Encyclopedia of Anti-Revisionism On-Line

Communist Workers Party

Letter to the CWP: Material Incentives Needed Under Socialism


First Published: Workers Viewpoint, Vol. 6, No. 23, June 15-21, 1981.
Transcription, Editing and Markup: Paul Saba
Copyright: This work is in the Public Domain under the Creative Commons Common Deed. You can freely copy, distribute and display this work; as well as make derivative and commercial works. Please credit the Encyclopedia of Anti-Revisionism On-Line as your source, include the url to this work, and note any of the transcribers, editors & proofreaders above.

Dear Workers Viewpoint,

First of all, let me complement you on how much the paper has improved over the past few months. The majority of the articles have been well written, topical and have broad appeal.

But after reading “Capital is the Root of All Evil” in one of the recent issues, I felt compelled to write and ask you to elaborate on a few points.

Political economy is something that the bourgeoisie always tries to mystify. They tell us in school or on the news that economic crises, inflation, soaring interest rates are so complicated that no one can explain them. And because economics is so confusing, we have to live with the system the way it is.

So I was really pleased to see another article on political economy to really break it down. But I read the section with all the formulas three or four times and I was still lost. What the article really needed was a couple of concrete examples to explain these concepts. A good example of an article that did this was “Capitalism is the root cause of World War,” several months back. Brief reference to “material incentive” as being a necessary part of a socialist economy. Now the CWP has historically held the leading role in the struggle against revisionism, particularly the exposure of the coup in China and upholding the line of Chairman Mao. But with no further explanation, how does this statement demarcate the CWP’s line from the line of Deng Xiao-Peng and Co.?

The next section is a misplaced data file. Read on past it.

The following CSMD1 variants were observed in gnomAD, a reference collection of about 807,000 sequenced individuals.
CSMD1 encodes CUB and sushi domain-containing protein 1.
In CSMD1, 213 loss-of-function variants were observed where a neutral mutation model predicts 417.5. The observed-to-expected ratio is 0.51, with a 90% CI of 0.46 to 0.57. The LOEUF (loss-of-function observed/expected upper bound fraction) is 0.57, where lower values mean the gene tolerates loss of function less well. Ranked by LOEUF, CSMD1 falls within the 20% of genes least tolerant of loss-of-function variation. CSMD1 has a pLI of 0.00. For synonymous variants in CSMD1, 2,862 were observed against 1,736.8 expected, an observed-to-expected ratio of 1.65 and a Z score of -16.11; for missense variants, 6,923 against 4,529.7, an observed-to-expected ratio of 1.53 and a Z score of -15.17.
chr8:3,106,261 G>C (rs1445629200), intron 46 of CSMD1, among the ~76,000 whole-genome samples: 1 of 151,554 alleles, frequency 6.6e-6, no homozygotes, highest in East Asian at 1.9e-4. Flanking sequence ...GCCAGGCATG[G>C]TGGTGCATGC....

Particularly at such a critical juncture in the developments in China, it is essential that WV paper be crystal clear in its presentation of the CWP’s position on “material incentives,” bourgeois right and upholding the Cultural Revolution.

Yet, with the exception of one brief article, there has been virtual silence on the issues raised by the sham trials in China. The American people are watching the trials and the media is doing its best to slander Chairman Mao and confuse us on the basic issues.

Please clarify the Party’s line on material incentives so we can better understand what’s going on in China and its implications for revolution in the U.S.

Los Angeles, CA

Your letter raises good questions. Although we received the letter months ago, we weren’t able to print it and answer your questions until now that our new understanding is public. Before we believed that the Soviet Union had turned away from socialism and gone back to capitalism. We also believed that China has been in the process of restoring capitalism ever since the coup against the four after Mao’s death. But through our study of political economy, and most important, critically looking at the problems raised by our practice in trying to make revolution in this country, our understanding has changed. The Soviet Union, China and many others are socialist countries. We now have a deeper understanding of the fundamental strength of socialism as well as a more mature perspective on the weaknesses socialism inherits from the old society.

What is our position on material incentives, bourgeois right, the Cultural Revolution and the trial of the four in China? These are important questions, but we don’t have the space here to do them justice. All of these topics and more are addressed comprehensively in a book written by Jerry Tung, our General Secretary, and will be published soon. There is an ad for the book in this issue of WV, and we urge you and all our readers to order a copy. Also, our Central Committee is preparing a separate publication on the Cultural Revolution and Mao’s contributions.

However, we would like to talk a little about material incentives. Material incentives are connected with the way society distributes its wealth under socialism. In any society, whoever owns the factories, mines and mills (the means of production) determines how the wealth produced by society will be distributed.

Under capitalism, the capitalists own the means of production. Workers are forced to sell their labor power and the capitalist exploits and oppresses them. Under socialism, the main means of production are owned by the working class. Thus, the distribution of products and the social surplus created by the workers is in their hands and favors the working class.